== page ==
Rubber ducks are being used to help scientists understand global warming and melting glaciers.
NASA researchers have dropped 90 ducks into holes in Greenland's fastest moving glacier, the Jakobshavn Glacier in Baffin Bay, between Greenland and Canada.
The toys have each been labeled with the words "science experiment" and "reward" in three languages, along with an e-mail address.
If they are found scientists will be able to track how the water moves through the ice and provide information about the movement of glaciers. Scientists are still unsure about why glaciers speed up in summer and head towards the sea.
One theory is that the summer sun melts ice on top of the glacier's surface, creating pools that flow into tubular holes in the glacier called moulins.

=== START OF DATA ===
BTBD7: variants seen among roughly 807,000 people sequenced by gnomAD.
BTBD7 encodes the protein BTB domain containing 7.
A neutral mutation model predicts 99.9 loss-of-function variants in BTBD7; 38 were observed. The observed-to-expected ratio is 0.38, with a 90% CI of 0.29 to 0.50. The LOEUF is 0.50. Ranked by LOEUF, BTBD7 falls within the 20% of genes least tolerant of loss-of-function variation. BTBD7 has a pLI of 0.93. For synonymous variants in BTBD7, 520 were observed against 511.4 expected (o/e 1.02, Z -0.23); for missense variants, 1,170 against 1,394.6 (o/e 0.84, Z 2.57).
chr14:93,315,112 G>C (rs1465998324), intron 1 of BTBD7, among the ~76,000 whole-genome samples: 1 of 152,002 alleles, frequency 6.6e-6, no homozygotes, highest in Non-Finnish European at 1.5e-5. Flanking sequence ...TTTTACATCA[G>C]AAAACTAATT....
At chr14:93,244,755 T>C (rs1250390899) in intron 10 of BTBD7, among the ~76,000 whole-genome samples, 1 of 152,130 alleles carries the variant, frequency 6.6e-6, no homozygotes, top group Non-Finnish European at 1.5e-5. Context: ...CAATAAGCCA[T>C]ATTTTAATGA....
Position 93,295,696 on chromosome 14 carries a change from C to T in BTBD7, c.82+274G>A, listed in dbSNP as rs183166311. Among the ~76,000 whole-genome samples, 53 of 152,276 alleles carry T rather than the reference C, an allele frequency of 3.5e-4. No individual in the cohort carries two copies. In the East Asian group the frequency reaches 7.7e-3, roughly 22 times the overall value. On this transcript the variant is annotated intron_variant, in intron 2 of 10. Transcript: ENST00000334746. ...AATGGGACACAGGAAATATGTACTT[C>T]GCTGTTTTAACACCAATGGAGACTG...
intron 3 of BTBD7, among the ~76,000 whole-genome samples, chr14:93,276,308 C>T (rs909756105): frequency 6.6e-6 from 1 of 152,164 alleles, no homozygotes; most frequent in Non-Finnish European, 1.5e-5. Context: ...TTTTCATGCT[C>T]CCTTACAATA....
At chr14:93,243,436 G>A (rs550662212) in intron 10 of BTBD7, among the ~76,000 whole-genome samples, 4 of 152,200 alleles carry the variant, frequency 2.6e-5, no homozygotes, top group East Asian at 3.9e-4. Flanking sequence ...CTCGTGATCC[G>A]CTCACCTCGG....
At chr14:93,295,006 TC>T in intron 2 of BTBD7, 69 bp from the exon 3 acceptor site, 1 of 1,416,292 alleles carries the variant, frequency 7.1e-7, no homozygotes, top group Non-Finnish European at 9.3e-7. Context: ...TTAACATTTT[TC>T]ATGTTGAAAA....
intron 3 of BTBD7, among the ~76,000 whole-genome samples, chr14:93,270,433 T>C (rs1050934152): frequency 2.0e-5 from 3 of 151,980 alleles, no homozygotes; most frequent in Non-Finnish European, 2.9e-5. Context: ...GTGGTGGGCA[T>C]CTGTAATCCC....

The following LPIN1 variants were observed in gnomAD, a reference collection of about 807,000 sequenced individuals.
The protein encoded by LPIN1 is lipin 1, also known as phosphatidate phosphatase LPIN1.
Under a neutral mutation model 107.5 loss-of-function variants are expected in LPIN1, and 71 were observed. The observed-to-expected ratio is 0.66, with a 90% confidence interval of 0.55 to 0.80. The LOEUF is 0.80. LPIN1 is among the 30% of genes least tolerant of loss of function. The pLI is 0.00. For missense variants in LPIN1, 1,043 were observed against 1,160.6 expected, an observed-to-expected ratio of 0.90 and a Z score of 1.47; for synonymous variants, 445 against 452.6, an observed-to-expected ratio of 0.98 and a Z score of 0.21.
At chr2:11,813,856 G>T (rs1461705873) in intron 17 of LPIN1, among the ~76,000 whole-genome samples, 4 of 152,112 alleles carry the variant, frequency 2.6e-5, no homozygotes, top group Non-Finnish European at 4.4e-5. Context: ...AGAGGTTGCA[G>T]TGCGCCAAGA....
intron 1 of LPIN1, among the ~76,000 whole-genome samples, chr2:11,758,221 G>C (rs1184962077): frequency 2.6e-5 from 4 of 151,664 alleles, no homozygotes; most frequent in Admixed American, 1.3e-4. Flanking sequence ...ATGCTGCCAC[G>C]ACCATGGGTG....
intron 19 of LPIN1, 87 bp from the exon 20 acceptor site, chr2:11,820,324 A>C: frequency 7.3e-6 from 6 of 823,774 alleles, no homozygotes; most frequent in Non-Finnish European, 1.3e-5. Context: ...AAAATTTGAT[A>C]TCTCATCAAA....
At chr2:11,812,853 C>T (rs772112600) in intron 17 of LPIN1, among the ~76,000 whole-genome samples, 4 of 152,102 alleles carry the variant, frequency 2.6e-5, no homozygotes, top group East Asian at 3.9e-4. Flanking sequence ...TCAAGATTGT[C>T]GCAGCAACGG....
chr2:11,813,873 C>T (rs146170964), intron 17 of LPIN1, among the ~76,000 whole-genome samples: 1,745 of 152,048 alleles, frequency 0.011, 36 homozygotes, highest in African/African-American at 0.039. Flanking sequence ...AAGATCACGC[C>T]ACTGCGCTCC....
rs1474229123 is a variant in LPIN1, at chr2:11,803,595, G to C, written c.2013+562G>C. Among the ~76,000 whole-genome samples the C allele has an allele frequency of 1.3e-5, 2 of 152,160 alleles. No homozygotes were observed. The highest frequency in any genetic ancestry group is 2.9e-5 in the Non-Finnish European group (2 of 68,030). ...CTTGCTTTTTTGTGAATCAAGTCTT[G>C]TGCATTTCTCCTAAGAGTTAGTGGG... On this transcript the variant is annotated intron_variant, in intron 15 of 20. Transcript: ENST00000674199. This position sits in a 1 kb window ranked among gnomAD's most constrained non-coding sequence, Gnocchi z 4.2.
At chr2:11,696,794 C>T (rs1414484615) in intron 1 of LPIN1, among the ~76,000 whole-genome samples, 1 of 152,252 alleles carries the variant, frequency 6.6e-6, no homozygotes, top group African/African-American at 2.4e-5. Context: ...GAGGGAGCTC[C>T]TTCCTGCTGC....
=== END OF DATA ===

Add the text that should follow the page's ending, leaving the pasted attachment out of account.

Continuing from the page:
These moulins carry some water to the bottom of the glacier, where it acts as a lubricant to speed the movement of ice toward the coast.
The Jakobshavn Glacier is believed to be the source of the iceberg that sank the Titanic in 1912 and is important to researchers because it discharges nearly 7 per cent of all the ice coming off Greenland.
Alberto Behar of NASA's Jet Propulsion Laboratory in California said none of the ducks had been reported yet.
"We haven't heard back but it may take some time until somebody actually finds it and decides to send us an e-mail that they have found it," he said.
"These are places that are quite remote so there aren't people walking around."